Has social media undermined your sense of security, trust, and connection with your mate? If that’s the case, you are not alone. Research studies abound that link Facebook to divorce, greater feelings of insecurity, narcissistic personality traits, and infidelity. Now that’s not to say that Facebook singlehandedly causes trouble, but relationships are hard enough; why leave the door open for possible problems? In my work as a marriage counselor, I have heard all kinds of stories about the trials and tribulations associated with a site meant to be a fun way to keep in touch with friends. Here’s my list of top 10 tips for making your relationship Facebook-proof.
Have a pow-wow with your mate about the rules of Facebook engagement. Find out where your partner stands on contact with exes, IMing, etc. A five-minute conversation can prevent a lot of heartache down the line.
Give your partner full access to roam around your profile if they so choose.
Sometimes, it’s harder to respect boundaries when you’re just typing. We tend to type things we wouldn’t necessarily say. If you have to hide or look over your shoulder in fear when you make a post or look at pics, that’s a sign that you’re doing something you know is wrong. Just make it a rule not to electronically engage in anything you wouldn’t physically do in front of your partner.
If you have a history of infidelity in your relationship, consider having a shared Facebook page in which both partners are represented equally in the profile. This creates a sense of unity and promotes a sense of we-ness, instead of me-ness in a relationship that is probably more vulnerable to external factors.
Lose the pictures of your exes. If you wouldn’t have a framed pic of them in your home, they have no place in your FB photo albums.
Spending too much time updating your Facebook page when you’re with your partner can fuel the fires of insecurity. When you’re together, put each other first and turn off the laptop or smartphone.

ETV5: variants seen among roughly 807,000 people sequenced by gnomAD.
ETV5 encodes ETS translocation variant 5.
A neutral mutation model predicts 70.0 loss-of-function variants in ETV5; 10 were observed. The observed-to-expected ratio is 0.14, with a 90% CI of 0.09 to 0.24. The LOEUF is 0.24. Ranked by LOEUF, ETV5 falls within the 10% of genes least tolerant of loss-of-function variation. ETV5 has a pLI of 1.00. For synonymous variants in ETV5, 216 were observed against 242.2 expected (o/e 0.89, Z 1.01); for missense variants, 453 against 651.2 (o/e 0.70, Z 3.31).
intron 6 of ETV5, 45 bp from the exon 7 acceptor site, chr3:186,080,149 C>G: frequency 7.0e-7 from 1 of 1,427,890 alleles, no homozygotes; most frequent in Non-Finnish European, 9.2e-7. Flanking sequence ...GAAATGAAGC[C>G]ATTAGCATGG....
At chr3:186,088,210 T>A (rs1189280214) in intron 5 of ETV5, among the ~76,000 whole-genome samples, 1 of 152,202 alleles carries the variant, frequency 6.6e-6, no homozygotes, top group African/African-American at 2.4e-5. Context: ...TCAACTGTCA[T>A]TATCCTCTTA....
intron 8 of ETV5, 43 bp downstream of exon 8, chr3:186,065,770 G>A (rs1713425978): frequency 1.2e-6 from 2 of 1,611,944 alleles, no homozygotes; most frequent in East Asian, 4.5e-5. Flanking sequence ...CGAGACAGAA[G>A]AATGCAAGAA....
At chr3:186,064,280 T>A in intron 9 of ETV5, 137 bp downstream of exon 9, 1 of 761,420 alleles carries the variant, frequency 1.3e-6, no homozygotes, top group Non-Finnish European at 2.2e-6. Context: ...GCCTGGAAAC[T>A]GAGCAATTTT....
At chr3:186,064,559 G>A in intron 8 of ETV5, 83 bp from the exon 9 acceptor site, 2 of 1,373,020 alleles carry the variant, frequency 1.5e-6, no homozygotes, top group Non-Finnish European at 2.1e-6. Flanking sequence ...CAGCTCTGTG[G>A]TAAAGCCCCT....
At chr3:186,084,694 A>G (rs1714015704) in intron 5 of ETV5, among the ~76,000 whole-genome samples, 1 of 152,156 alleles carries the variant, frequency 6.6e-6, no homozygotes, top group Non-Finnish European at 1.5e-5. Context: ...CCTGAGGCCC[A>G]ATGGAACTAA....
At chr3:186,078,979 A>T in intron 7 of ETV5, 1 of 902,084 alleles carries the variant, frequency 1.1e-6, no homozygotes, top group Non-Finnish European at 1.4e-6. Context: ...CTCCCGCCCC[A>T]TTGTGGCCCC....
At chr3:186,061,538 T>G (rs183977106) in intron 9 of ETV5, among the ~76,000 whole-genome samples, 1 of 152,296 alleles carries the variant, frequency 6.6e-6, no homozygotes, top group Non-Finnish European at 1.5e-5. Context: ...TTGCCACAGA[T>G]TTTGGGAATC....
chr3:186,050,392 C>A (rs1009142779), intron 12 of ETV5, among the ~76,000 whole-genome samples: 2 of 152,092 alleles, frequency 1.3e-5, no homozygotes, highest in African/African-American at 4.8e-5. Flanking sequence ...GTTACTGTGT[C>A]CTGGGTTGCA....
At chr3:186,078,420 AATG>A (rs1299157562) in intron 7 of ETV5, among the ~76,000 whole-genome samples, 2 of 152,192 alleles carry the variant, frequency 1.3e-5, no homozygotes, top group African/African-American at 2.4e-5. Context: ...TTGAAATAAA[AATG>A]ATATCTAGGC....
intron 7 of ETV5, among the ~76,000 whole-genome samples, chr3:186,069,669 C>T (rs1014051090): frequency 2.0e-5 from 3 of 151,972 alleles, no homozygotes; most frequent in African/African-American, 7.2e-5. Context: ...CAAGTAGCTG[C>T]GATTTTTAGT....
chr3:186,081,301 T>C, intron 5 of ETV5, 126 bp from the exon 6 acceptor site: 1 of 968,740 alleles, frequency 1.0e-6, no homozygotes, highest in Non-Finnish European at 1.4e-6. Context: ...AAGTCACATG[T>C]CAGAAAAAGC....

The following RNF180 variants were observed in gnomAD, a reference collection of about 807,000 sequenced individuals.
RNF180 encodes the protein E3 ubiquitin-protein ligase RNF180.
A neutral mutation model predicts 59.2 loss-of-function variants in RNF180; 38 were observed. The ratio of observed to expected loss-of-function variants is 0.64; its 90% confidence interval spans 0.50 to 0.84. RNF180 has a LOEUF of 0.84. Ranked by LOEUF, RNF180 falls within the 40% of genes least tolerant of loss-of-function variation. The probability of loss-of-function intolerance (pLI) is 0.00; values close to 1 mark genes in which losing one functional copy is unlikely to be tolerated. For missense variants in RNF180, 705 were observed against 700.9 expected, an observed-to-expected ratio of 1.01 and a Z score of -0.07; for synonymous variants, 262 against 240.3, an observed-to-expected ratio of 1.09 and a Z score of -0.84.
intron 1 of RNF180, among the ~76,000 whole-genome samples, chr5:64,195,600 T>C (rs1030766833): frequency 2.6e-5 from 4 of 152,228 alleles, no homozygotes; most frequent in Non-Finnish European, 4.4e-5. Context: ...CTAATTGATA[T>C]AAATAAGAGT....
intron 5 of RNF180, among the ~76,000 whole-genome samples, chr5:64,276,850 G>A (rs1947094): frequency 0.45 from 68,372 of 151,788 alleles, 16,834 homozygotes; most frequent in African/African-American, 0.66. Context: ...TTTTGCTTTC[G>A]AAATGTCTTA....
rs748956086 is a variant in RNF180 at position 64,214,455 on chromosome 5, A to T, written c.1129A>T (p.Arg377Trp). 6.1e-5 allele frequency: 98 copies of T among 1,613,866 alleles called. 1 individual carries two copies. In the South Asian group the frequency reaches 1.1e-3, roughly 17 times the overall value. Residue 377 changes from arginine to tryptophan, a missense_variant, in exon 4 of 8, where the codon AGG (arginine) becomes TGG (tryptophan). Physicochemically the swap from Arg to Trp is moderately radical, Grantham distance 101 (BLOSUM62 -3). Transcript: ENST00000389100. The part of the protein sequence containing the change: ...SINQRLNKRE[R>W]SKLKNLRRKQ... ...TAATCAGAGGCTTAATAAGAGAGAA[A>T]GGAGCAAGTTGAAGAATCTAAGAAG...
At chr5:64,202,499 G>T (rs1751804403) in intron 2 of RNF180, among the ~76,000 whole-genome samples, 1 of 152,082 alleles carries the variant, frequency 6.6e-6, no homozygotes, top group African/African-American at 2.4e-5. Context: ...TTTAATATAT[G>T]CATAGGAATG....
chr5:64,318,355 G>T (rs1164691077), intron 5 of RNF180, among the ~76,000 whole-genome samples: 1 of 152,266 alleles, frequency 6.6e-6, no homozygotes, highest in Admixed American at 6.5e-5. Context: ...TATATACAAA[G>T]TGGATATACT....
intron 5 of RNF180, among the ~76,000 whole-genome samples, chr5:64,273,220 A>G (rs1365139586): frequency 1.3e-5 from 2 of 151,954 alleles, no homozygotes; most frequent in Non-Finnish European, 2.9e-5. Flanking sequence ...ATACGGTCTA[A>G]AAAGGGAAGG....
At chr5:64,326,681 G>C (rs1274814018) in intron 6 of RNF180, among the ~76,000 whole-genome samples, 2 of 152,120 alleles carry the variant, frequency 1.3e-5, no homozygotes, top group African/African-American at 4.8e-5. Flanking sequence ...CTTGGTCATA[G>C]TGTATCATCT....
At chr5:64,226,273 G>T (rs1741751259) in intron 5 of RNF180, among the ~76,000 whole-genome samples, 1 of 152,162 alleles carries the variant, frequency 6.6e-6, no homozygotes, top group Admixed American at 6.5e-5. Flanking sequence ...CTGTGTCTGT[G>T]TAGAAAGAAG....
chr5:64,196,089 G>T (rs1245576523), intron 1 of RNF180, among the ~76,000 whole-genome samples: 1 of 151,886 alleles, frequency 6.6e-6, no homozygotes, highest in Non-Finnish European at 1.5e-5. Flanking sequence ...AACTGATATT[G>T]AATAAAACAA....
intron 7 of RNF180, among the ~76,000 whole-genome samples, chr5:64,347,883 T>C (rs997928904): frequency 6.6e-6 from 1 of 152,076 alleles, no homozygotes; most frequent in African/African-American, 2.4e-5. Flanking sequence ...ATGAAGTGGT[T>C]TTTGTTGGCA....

Be proud of your mate and make it official with your FB relationship status. If you ever need to change your status, discuss it with your partner FIRST before announcing it to the world.
Don’t post private pictures of you and/or your partner, or send extra-personal messages via FB. It’s important for a couple’s sense of solidarity to keep some things sacred and special between them.
Be selective about your FB friends. When adding a new friend, ask yourself if their intentions for making contact are honorable. Is this someone you believe fully supports you and your partner being together? Are they on friendly terms with your partner, or would they be if they met today? Is this someone who would potentially cause harm with something they post?
Talk about any feelings of insecurity or anger as soon as they come up. If something on FB makes you feel uncomfortable, sit down with your partner as soon as possible and have a calm, frank discussion. Try not to blame or attack them; just share how the situation makes you feel. Start with, “I feel scared when I read this,” or, “I would like it if you would…”. View the discussion as a game plan for preserving the relationship that you cherish so much.
At the end of the day, ask yourself what is more important to me, my Facebook page or my relationship? Do right by your partner and adhere to the Facebook rules you agree upon together. In this new world of social media, your relationship can not only survive, but thrive!
Until next time, keep talking, sharing, and dreaming together!
Shelley Rodriguez, MA
Licensed Marriage and Family Therapist/Licensed Professional Counselor